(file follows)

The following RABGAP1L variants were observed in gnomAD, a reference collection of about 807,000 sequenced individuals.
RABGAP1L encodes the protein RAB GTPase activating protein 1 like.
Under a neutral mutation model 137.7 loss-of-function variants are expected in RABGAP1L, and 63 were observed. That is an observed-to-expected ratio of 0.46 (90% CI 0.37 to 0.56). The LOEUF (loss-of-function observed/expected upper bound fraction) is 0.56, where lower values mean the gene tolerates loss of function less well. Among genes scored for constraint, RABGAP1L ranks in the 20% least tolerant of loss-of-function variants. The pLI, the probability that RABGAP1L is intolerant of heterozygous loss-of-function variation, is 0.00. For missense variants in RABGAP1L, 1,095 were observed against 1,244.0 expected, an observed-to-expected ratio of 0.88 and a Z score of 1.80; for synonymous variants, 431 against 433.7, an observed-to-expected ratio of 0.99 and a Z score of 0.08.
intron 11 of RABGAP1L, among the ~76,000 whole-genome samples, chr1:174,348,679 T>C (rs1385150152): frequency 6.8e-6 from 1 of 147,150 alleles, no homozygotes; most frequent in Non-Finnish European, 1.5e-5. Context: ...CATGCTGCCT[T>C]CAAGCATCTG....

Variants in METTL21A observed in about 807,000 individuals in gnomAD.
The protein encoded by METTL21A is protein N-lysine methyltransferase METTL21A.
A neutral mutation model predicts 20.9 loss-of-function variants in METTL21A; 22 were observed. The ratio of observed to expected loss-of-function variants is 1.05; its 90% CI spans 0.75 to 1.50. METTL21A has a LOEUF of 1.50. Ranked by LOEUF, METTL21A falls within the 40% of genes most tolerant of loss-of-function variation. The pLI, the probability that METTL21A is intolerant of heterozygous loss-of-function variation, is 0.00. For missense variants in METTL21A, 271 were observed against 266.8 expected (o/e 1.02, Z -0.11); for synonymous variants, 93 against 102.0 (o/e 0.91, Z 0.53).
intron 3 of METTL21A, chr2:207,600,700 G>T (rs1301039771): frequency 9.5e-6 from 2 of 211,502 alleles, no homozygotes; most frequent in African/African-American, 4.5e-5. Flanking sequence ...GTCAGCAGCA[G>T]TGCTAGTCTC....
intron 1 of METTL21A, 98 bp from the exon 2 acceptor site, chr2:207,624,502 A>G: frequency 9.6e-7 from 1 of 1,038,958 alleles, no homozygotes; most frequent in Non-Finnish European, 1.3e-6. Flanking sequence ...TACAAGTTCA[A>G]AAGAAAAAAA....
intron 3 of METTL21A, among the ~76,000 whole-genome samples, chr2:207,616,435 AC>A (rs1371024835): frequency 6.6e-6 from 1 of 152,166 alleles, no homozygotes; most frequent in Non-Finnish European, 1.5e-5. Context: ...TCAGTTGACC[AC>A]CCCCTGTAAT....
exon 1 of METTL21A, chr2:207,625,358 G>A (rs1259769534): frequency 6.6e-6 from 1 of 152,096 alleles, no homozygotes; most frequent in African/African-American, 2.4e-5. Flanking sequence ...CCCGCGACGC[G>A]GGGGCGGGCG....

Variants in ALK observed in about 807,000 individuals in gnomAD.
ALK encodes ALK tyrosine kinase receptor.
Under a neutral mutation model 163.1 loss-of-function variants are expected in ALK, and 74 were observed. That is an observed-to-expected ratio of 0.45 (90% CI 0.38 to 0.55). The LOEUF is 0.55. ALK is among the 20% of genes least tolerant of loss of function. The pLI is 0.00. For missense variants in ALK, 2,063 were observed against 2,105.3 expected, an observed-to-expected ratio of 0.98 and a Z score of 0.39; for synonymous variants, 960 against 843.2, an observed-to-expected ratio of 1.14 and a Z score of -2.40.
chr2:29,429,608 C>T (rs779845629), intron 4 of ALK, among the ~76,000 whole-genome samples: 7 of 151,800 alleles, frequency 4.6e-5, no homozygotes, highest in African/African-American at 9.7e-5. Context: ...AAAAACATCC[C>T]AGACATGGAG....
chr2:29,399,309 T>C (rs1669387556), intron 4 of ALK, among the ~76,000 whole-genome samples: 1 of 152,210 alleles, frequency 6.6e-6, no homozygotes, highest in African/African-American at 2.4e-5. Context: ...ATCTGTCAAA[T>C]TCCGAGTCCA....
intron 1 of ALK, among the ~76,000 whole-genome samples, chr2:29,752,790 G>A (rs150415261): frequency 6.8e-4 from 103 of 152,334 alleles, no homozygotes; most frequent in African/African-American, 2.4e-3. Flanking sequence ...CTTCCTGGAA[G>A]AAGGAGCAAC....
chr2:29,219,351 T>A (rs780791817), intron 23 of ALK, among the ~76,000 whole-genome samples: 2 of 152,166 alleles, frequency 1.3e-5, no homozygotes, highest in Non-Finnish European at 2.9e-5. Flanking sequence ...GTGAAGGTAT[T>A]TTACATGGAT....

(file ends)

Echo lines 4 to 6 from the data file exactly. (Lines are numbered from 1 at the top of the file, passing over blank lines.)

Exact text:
intron 11 of RABGAP1L, among the ~76,000 whole-genome samples, chr1:174,348,679 T>C (rs1385150152): frequency 6.8e-6 from 1 of 147,150 alleles, no homozygotes; most frequent in Non-Finnish European, 1.5e-5. Context: ...CATGCTGCCT[T>C]CAAGCATCTG....

Variants in METTL21A observed in about 807,000 individuals in gnomAD.
The protein encoded by METTL21A is protein N-lysine methyltransferase METTL21A.